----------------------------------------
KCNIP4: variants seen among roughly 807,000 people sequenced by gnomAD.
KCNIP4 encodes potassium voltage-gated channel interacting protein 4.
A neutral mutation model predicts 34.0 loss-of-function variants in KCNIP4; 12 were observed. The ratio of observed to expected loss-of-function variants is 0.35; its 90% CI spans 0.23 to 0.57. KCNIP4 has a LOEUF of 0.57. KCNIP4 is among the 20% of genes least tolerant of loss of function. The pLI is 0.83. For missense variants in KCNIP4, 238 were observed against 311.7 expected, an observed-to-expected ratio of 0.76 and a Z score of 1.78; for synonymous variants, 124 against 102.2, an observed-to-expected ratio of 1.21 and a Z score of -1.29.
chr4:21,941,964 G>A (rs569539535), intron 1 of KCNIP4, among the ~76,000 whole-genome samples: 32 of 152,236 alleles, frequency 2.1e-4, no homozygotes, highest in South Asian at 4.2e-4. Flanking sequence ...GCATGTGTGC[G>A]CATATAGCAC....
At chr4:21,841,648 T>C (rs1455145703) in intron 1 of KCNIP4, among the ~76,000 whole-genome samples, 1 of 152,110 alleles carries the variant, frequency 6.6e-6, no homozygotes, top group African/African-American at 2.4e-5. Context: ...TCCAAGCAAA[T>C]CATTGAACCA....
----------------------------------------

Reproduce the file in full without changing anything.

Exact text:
KCNIP4: variants seen among roughly 807,000 people sequenced by gnomAD.
KCNIP4 encodes potassium voltage-gated channel interacting protein 4.
A neutral mutation model predicts 34.0 loss-of-function variants in KCNIP4; 12 were observed. The ratio of observed to expected loss-of-function variants is 0.35; its 90% CI spans 0.23 to 0.57. KCNIP4 has a LOEUF of 0.57. KCNIP4 is among the 20% of genes least tolerant of loss of function. The pLI is 0.83. For missense variants in KCNIP4, 238 were observed against 311.7 expected, an observed-to-expected ratio of 0.76 and a Z score of 1.78; for synonymous variants, 124 against 102.2, an observed-to-expected ratio of 1.21 and a Z score of -1.29.
chr4:21,941,964 G>A (rs569539535), intron 1 of KCNIP4, among the ~76,000 whole-genome samples: 32 of 152,236 alleles, frequency 2.1e-4, no homozygotes, highest in South Asian at 4.2e-4. Flanking sequence ...GCATGTGTGC[G>A]CATATAGCAC....
At chr4:21,841,648 T>C (rs1455145703) in intron 1 of KCNIP4, among the ~76,000 whole-genome samples, 1 of 152,110 alleles carries the variant, frequency 6.6e-6, no homozygotes, top group African/African-American at 2.4e-5. Context: ...TCCAAGCAAA[T>C]CATTGAACCA....